She’s heard it all!

A few weeks ago I posted a blog about interesting and humorous things dictated by medical professionals.  Following that blog, Raquel Siles, a medical transcriptionist at GVMH provided me with a list of a few “funny” things she’s collected over the past 18 years she’s worked as a medical transcriptionist.  You’ll see those “bloopers” below and it’s sure to make you smile.   Raquel also suggested that I do a series of blogs detailing lesser known jobs in a hospital setting. 

I loved Raquel’s idea of highlighting jobs that you wouldn’t necessarily think of in terms of what makes a hospital work.  We all know the role doctors and nurses play at a hospital but there are many other jobs that are important for the successful operation of a hospital and successful patient care.  Over the next few weeks I will provide insight about some of those jobs.

I met with Raquel to learn more about what a transcriptionist does and what it takes to be a transcriptionist.  A medical transcriptionist listens to dictation and then transcribes the dictation into a note that makes its way to the medical record.  In some ways the medical transcriptionist is the key to efficient patient care, a patient can not have surgery until a transcribed H & P is on the chart, a patient may need their discharge instructions transcribed to get the appropriate medications upon discharge and one physician may need to read the transcribed note of another physician to provide appropriate care to a patient.  You might not have thought it before now but a positive patient outcome is reliant upon the medical transcriptionist!

Obviously a transcriptionist has to be a good listener but Raquel tells me that listening for a living has its downsides.  Raquel hates to talk on the phone and she has a hard time sitting still and listening to people talk when she’s not working.  I guess it’s a lot like a person who plays golf for a living – if you play golf for a living you probably don’t enjoy golf as a hobby.

If you are placing bets on who’s going to win a spelling bee, bet on the transcriptionist.  Raquel tells me that a transcriptionist must be a great speller.  A medical transcriptionist is also a person who likes to learn new things.  When Raquel told me this I was initially confused but her explanation made it clear – Raquel enjoys learning about new medical procedures and diseases and she gets to listen to a physician describe them every day.

Here are a few stats that I found interesting: Raquel can type 150 words per minute.  She is required to type 950 lines per day and on a good day she can type 1500 lines and 1 minute equals 10 lines.  She has typed notes that are up to 450 lines – think about that, that’s a long note!  Every day GVMH produces 12,000 lines of transcription.  Dr. Clouse’s dictation is the best and easiest to transcribe of all GVMH physicians.  The thing that has evolved the most during Raquel’s 18 years of transcription is the ear piece she wears to listen to the dictation.  Raquel told me that when she started 18 years ago, the ear pieces she wore at the time resembled the bell of a stethoscope and now her ear pieces are made by BOSE out of silicone and they fit comfortably in her ear.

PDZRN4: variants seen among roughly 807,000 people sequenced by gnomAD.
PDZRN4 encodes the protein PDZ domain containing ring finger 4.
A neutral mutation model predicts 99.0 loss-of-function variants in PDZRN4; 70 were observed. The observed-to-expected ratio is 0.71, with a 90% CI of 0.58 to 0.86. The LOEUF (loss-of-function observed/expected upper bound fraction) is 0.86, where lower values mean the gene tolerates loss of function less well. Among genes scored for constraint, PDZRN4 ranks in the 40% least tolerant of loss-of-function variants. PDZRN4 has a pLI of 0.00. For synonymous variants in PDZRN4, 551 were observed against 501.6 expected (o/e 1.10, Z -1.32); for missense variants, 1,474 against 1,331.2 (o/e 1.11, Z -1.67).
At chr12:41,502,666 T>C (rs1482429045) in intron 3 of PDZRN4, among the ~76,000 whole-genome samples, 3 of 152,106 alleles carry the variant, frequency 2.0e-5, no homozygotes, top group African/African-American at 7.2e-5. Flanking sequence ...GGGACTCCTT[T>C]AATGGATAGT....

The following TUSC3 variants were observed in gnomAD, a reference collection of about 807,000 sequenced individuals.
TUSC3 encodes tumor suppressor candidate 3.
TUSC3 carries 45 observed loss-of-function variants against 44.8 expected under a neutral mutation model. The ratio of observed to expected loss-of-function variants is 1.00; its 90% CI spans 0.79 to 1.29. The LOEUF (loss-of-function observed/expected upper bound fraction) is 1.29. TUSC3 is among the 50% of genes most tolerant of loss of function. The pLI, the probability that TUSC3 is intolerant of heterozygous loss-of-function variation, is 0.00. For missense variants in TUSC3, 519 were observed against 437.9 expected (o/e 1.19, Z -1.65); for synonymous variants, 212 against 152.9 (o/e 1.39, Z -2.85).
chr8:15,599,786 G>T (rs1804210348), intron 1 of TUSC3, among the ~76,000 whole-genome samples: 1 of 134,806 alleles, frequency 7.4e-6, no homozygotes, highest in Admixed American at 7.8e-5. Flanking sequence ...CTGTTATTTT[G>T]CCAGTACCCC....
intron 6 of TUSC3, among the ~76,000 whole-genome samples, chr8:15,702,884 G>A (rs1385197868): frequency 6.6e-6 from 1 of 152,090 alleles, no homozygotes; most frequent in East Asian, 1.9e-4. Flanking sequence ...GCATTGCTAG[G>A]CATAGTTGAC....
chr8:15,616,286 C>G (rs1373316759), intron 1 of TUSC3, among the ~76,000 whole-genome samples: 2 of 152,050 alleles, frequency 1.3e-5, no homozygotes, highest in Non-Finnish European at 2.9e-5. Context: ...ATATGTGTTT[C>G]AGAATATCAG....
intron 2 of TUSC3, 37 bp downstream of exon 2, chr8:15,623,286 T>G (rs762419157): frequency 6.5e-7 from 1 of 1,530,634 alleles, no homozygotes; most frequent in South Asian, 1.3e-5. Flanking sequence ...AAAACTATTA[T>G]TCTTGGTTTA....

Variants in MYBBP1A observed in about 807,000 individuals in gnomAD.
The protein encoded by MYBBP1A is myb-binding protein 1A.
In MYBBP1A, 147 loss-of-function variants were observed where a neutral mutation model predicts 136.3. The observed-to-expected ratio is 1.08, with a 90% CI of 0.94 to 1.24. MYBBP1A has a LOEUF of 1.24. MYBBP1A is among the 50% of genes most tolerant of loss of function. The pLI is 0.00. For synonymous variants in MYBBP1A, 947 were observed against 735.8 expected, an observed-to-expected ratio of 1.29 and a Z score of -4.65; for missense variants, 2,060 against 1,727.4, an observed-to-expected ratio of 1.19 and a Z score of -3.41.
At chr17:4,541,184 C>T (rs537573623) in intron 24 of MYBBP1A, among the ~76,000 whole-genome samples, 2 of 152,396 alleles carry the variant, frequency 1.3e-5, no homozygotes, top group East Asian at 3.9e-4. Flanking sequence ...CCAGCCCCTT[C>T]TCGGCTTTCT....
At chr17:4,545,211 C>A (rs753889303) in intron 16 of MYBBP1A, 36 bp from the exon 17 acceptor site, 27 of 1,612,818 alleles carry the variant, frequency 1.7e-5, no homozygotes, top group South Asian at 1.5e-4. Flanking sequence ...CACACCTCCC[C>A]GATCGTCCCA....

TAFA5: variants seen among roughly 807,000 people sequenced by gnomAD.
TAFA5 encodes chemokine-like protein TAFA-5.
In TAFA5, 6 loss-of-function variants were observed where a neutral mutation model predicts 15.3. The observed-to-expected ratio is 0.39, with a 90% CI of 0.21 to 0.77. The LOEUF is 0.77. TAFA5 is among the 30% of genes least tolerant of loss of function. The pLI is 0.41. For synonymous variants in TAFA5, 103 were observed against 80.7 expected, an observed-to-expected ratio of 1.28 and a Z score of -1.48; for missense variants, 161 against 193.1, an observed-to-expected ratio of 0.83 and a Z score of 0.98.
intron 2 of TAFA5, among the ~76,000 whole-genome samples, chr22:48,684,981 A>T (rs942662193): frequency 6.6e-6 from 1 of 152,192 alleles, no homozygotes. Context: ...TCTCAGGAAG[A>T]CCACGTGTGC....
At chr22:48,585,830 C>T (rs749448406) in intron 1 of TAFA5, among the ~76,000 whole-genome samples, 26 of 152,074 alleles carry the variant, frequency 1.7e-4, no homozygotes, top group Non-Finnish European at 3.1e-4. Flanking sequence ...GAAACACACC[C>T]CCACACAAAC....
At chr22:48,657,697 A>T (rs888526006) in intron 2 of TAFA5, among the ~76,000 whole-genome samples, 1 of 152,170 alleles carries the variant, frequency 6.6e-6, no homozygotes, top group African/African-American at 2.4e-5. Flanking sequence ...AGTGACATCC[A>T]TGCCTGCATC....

Just for kicks (and laughs) here are some of the “funny” dictations Raquel has collected from GVMH over the past few years… *Disclaimer – none of what you’ll read below made it into the medical record there is a process in place for editing and correction (I learned that from Raquel too, to be honest, I didn’t know what I didn’t know about transcription until I met with Raquel)!

 The patient has a poor appetite but is overeating.

 The patient does present with a temperature of 95/52.

 Exam of the right leg shows a contusion of the elbow and shoulder.

 This is a 79 year old white female patient who saw Dr. Hospital in the ER yesterday.

 This is Dr. ___________ – dictating on…..somebody.

 Oral pharynx shows flat neck veins.

 The body was released to the funeral home. Follow up outpatient next week.

 The patient was carefully grasped and elevated.

 The patient was given 1000 cc of IV normal saline for the purposes of hydration and improving the overall state of hydration.

 Ibuprofen as abdominal binder 100 mgm.

 She has been married for quite some time but her husband appears to be helpful.

 He struck another vehicle in front of him from the rear.

 Repeat x-ray of the left shoulder showed no significant interval change and a fracture of the left humeral neck fracture.

 This lady presents with respirations of 110.

 Nausea with emesis with vomiting with vomiting.

 There was an abrasion on the occipital scalp that had a healing abrasion.

 Mat citrate 296 cc PO rectally.

 Patient is accompanied by her significant other husband.

 She was discharged the same day she was discharged home.

 Aerate the shoes well so that he gets adequate oxygenation and mobility with the chest situation.

 This an admitting H&P on _______________ on 9-31-02.

 The patient was placed in a specimen bag.

 The culture did reveal that Cipro was sensitive to both organisms.

 This patient has migraine headaches on a prn basis.

 Asked her to stay in and out of the cool air.

 The patient really is relatively soft.

 Upper right lower lobe pneumonia.

About Craig Thompson

I am a young professional with two great sons, and I work in the healthcare setting. I am employed in hospital administration and serve as Chief Operating Officer at Golden Valley Memorial Healthcare in Clinton, Missouri. These are challenging and exciting times in healthcare and my blog will focus on healthcare, raising boys or being raised by boys, and living in mid America.
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One Response to She’s heard it all!

  1. Kathy says:

    Not only smiled, laughed out loud. Thanks, Craig and Raquel.

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